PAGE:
Figure 1 Meshing part of 3 -D structural model

Ruparekha patro1 and Sharad K. Pradhan/ Materials Today: Proceedings 5 (2018) 12886–12900

12891

3.5 Thermal Analysis

To start the simulated study electrical input (Voltage, Current) should be converted into thermal input. To achieve this Gaussian heat distribution is assumed and calculated using following equation for 27 selected experimental sets.

Q(r)=ƞVIe-(r2/2ϭ2) 2Πϭ2

[13]

Where Q (r ) = surface flux at radius r Ƞ = efficiency coefficient/ Arc efficiency V = voltage I = current Ϭ = radial distance from center 3. 6 Post processing: viewing the results After defining the geometry, type of element, mesh size, boundary condition and solving and post processing (as shown in table 2) has been performed to get residual stresses and temperature plot for all the 27 cases, this gives the simulated residual stress and temperature value by applying Gaussian heat flux value. Simulated residual stress and temperature plot for different cases were shown in table 3 and table 4 respectively. Table 2: Post processing results Exp. No.

ANSYS temperature (K)

Analytical Heat flux (J/mm)

ANSYS residual stress (Mpa)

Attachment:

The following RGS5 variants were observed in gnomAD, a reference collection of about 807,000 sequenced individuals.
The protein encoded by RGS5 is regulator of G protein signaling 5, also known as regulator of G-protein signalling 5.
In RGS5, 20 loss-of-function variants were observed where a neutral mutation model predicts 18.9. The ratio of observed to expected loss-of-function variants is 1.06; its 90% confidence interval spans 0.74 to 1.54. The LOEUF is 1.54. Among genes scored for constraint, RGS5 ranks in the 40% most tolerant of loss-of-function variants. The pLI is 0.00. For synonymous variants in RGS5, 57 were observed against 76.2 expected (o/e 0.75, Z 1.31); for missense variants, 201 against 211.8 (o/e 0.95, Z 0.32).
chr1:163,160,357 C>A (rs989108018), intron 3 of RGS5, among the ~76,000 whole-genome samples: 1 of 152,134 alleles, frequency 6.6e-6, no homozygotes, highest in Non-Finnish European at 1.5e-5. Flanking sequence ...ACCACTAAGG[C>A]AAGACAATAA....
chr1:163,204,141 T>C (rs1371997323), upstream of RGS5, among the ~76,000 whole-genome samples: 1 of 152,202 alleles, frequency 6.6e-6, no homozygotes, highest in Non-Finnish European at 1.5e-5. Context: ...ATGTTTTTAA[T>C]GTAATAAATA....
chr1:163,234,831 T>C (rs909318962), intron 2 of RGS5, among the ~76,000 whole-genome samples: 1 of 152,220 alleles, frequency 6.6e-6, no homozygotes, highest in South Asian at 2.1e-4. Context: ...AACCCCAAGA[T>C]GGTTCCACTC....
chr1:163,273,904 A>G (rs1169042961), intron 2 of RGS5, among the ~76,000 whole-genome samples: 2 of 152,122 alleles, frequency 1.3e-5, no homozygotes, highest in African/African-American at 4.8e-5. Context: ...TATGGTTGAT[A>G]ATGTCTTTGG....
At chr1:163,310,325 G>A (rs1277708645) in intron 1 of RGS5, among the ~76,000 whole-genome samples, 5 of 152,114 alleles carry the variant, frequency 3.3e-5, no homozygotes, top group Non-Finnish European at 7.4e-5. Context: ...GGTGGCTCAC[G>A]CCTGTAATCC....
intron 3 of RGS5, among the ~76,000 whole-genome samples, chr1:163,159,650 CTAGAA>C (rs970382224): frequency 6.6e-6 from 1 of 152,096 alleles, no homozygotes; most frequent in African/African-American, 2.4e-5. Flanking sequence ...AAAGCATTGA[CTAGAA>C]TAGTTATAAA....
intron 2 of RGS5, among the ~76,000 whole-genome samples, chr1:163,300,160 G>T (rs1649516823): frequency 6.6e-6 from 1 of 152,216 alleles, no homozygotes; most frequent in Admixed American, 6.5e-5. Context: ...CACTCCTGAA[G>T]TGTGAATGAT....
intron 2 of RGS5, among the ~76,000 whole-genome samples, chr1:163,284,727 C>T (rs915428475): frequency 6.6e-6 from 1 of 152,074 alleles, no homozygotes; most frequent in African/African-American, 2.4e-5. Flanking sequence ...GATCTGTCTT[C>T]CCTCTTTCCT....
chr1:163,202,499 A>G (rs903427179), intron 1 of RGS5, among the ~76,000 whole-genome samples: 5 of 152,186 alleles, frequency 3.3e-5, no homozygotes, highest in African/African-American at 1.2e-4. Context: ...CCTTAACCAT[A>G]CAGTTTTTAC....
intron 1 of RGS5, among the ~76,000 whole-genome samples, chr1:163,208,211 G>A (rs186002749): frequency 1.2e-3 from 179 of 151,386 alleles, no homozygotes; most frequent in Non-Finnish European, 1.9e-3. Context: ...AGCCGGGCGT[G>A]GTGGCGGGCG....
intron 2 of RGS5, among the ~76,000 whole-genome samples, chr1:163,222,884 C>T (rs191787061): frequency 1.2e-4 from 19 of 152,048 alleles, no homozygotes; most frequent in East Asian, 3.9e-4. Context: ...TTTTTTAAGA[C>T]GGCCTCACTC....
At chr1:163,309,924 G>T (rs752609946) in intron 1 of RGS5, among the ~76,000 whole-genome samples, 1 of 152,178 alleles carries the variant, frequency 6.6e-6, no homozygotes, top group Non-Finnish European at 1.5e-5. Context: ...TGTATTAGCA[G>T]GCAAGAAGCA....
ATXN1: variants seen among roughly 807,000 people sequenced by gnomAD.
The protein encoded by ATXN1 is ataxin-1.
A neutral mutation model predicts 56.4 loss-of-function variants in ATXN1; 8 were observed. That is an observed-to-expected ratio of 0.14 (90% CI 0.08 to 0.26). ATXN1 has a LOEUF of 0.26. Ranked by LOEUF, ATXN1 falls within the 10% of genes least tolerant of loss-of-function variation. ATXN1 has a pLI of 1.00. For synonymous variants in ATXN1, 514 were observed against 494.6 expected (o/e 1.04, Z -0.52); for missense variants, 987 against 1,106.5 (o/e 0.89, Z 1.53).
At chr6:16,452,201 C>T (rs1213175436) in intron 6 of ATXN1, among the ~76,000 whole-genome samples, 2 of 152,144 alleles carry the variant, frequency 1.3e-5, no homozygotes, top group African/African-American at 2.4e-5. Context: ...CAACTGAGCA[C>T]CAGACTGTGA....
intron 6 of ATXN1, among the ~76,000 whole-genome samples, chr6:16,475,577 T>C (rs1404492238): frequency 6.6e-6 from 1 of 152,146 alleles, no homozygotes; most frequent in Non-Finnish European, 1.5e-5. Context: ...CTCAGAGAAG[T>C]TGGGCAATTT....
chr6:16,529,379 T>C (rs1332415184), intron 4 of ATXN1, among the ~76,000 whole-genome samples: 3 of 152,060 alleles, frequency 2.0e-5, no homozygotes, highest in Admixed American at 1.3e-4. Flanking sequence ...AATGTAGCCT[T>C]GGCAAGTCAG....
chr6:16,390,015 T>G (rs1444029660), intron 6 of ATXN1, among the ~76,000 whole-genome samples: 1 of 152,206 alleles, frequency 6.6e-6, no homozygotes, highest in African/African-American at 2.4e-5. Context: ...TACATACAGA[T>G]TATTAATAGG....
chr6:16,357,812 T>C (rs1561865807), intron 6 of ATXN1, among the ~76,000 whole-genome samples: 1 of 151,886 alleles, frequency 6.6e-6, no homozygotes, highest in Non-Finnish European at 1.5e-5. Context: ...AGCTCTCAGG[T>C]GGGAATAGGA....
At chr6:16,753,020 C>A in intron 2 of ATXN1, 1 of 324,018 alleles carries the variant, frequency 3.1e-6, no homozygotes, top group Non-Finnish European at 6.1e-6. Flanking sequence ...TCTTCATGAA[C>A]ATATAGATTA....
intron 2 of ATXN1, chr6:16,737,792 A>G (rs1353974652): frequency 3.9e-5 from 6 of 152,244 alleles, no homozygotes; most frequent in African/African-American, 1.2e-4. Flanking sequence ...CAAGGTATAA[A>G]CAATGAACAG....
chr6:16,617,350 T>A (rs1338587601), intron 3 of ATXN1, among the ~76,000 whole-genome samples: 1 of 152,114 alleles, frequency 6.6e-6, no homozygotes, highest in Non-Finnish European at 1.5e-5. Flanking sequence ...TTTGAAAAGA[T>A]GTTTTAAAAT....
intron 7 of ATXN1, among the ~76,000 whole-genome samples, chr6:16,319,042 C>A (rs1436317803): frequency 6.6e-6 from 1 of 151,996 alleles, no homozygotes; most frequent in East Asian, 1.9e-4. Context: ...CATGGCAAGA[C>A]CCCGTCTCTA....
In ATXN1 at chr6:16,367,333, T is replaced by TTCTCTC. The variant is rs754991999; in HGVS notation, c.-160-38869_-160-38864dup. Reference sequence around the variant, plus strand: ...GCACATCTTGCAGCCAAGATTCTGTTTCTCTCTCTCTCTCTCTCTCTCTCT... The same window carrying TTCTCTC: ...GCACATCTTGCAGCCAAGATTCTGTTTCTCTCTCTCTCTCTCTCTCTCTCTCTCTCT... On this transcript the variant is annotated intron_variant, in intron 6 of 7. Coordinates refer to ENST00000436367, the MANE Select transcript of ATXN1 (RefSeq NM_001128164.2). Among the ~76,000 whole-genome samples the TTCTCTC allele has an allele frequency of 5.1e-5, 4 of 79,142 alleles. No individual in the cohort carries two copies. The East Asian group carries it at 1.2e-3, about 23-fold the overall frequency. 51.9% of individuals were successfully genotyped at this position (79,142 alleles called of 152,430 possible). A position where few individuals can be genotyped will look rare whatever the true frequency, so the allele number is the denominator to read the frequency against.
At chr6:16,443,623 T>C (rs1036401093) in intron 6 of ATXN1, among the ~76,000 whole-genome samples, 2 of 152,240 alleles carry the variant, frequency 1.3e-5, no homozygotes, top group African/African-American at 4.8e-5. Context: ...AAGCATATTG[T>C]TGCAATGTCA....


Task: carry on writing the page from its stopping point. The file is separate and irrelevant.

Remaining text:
1

1388.1

566

250

2 3

1033.2 823.5

425 386

992 537

4

715.7

850

474

5

1537.4

637.5

535

6

900.04

579.5

575

7

2751.04

1133

1500

8

2041.5

850

1810

9

1191.72

772.7

709

10

2410.2

991.6

1320

11

1789.4

743.7

1610

12

1045.8

676.13

648

13

3602.9

1487.6

1950 2320

14

2671.6

1115.7

15

1556.32

1014.3

908

16

4795.5

1983.3

3010

17 18

3553.8 2066.7

1487.5 1352.2

2600 1150

19

3432.5

1416.66

1180

20

2545.6

1062.5

1020

21

1483.4

965.9

625

22

5136.32

2125

2790

23

3805.9

1593.7

1820

24

2212.6

1448.86

1220

25

6840.1

2833

5490

26

5066.26

2125

1020

27

2941.8

1931.8

1620

12892

Ruparekha patro1 and Sharad K. Pradhan/ Materials Today: Proceedings 5 (2018) 12886–12900

Table 3: Residual stress plot from ANSYS